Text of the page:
The study of the economy. See also: macroeconomics; microeconomics; Keynesian economics, monetarism ( monetarist), and supply-side economics. Bloomberg Financial Dictionary

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economics ec‧o‧nom‧ics [ˌekəˈnɒmɪks, ˌiː- ǁ -ˈnɑː-] noun ECONOMICS
1. [uncountable] the study of the way in which wealth is produced and used:

• Our consultants include a professor of economics at Harvard University.

apˌplied ecoˈnomics [uncountable] ECONOMICS
economics used to understand and solve problems in the world of business and government, rather than just as ideas:

• a one-year course in applied economics for government policymakers

ˌclassical ecoˈnomics [uncountable] ECONOMICS
the ideas that people had about economics between the 18th and early 20th centuries, for example that wealth increases as a result of people following their own interest, and that there is a natural state of balance in the economy that will happen if nothing is done to disturb it
deˈvelopment ecoˌnomics [uncountable] ECONOMICS
the study of how to increase wealth in countries that are changing from an agricultural economy to an industrial one:

• A knowledge of development economics and the challenges faced by a small, developing country would be an advantage for this job.

inˌdustrial ecoˈnomics [uncountable] ECONOMICS
the study of how businesses compete against each other in different industries, and what makes businesses succeed or fail
matheˌmatical ecoˈnomics [uncountable] ECONOMICS STATISTICS
another name for econometrics
ˈsupply-side ecoˌnomics [uncountable] ECONOMICS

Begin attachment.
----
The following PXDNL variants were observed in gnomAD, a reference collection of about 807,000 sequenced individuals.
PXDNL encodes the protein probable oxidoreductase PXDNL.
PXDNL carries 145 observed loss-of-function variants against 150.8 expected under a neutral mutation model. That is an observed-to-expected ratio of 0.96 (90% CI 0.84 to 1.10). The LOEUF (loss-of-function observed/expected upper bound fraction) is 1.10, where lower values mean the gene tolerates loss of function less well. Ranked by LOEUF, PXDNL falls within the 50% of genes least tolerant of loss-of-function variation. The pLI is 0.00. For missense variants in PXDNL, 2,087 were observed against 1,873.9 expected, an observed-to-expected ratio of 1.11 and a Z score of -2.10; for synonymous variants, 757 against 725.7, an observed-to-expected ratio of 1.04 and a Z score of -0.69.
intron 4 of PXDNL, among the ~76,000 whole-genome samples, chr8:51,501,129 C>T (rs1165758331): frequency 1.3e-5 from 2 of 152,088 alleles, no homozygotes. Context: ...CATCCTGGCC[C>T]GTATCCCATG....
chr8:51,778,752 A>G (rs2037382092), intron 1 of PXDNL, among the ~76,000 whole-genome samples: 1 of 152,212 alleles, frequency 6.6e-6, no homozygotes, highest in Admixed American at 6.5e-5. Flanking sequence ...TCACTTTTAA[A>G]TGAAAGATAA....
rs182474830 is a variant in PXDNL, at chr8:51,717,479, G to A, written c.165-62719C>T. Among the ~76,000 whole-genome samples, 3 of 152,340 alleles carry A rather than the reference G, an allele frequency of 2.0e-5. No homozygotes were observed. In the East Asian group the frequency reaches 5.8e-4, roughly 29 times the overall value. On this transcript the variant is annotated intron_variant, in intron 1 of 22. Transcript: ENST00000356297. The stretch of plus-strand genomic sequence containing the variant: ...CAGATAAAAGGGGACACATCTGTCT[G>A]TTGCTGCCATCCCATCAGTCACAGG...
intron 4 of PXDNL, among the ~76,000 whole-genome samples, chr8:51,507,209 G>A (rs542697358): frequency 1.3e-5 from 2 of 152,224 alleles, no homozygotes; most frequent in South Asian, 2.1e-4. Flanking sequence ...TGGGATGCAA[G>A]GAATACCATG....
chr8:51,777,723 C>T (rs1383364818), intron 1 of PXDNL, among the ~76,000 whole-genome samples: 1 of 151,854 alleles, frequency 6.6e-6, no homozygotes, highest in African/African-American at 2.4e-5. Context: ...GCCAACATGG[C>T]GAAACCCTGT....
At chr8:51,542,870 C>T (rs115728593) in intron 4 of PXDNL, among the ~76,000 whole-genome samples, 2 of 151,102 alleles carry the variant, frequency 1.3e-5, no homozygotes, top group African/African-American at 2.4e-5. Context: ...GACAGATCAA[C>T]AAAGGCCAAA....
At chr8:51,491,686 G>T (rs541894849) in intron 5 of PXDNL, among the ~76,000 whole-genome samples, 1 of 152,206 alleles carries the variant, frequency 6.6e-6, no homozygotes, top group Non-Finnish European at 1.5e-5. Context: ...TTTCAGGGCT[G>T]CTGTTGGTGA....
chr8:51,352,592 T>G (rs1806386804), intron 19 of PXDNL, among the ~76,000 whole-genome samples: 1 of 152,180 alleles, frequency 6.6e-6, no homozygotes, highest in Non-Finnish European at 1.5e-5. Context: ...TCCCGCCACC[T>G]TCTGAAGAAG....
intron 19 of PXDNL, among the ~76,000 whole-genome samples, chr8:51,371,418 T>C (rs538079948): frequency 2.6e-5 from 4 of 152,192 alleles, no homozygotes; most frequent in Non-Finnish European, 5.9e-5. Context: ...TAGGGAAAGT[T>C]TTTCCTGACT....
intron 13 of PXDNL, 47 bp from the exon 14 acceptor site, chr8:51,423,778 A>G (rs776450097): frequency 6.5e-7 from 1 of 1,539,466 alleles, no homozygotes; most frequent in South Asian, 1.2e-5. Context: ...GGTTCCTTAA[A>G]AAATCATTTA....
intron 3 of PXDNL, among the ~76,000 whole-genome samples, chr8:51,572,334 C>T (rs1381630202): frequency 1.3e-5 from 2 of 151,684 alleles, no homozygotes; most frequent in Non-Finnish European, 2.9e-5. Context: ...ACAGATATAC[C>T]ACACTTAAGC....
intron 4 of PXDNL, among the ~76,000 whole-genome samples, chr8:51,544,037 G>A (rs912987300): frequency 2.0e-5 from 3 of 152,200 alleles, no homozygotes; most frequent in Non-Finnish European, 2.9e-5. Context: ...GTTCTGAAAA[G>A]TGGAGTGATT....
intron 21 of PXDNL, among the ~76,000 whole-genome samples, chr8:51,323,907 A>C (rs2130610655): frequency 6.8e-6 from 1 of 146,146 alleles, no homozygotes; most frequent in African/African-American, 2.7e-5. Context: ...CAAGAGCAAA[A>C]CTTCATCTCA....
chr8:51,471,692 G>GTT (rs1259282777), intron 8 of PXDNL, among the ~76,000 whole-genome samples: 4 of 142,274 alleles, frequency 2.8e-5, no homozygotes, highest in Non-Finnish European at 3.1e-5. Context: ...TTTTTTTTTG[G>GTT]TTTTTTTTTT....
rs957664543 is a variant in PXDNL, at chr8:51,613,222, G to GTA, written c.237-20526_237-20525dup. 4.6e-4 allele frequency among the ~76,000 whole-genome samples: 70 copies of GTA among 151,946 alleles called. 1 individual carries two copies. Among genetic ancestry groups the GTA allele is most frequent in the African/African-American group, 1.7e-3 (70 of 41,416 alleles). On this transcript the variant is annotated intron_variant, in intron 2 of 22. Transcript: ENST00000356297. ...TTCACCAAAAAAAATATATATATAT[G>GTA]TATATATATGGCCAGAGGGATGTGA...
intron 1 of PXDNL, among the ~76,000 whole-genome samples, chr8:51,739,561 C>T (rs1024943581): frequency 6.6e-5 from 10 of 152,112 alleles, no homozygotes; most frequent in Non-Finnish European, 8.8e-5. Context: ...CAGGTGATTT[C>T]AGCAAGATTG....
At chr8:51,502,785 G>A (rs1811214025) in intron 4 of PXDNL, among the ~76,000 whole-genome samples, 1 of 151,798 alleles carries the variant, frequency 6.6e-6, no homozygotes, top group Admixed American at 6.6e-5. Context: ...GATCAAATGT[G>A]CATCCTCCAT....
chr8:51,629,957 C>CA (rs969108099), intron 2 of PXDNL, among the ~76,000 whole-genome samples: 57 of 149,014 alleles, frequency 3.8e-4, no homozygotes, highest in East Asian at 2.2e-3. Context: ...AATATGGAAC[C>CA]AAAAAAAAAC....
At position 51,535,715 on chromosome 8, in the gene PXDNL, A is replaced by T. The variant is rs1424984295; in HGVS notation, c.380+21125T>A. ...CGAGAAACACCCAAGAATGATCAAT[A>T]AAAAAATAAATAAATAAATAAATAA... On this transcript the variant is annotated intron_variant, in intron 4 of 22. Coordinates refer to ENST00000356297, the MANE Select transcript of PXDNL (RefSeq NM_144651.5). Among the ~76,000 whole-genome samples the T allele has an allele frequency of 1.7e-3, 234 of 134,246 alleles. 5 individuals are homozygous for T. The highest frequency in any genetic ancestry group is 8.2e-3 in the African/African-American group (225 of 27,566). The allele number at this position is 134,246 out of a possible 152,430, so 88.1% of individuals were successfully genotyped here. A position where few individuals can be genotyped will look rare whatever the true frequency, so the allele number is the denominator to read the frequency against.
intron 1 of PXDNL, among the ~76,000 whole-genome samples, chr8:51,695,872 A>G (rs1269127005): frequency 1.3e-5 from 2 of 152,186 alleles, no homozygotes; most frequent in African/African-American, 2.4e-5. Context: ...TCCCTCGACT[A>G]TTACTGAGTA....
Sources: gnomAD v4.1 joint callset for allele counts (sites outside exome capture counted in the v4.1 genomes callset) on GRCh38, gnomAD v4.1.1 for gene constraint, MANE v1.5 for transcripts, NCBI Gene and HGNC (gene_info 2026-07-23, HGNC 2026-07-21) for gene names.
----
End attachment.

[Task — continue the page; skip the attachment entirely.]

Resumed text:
a theory stating that governments should cut taxes in order to encourage investment, rather than making more money available in the economy
ˈwelfare ecoˌnomics [uncountable] ECONOMICS
the part of economics that deals with how a country's economy should be managed to increase the wealth and standard of living of people in the country:

• In welfare economics the existence of market failure is sufficient reason for government intervention.

2. [plural] calculations of whether an activity or business will be profitable or not:

• The economics of producing oil from coal do not look attractive.

— see also macroeconomics, microeconomics

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economics UK US /ˌiːkəˈnɒmɪks/ noun
[U] ECONOMICS the study of the way in which economies work, for example, the way in which they make money and produce and distribute goods and services: »

One of the laws of economics is that today's shortage is tomorrow's glut.


He has a degree in economics.


She's economics professor/professor of economics at the University of Berkeley.

See also APPLIED ECONOMICS(Cf. ↑applied economics), CLASSICAL ECONOMICS(Cf. ↑classical economics), DEVELOPMENT ECONOMICS(Cf. ↑development economics), FINANCIAL ECONOMICS(Cf. ↑financial economics), GLOBAL ECONOMICS(Cf. ↑global economics), INDUSTRIAL ECONOMICS(Cf. ↑industrial economics), INFORMATION ECONOMICS(Cf. ↑information economics), LABOUR ECONOMICS(Cf. ↑labour economics), MACROECONOMICS(Cf. ↑macroeconomics), MATHEMATICAL ECONOMICS(Cf. ↑mathematical economics), MICROECONOMICS(Cf. ↑microeconomics), SUPPLY-SIDE ECONOMICS(Cf. ↑supply-side economics), WELFARE ECONOMICS(Cf. ↑welfare economics)
[plural] FINANCE business activities considered from a financial point of view, and whether or not products or services are likely to make a profit: »

Energy policy must be built on economics if it is to succeed.


We are trying to change the economics of the digital business to let consumers benefit.

Financial and business terms. 2012.

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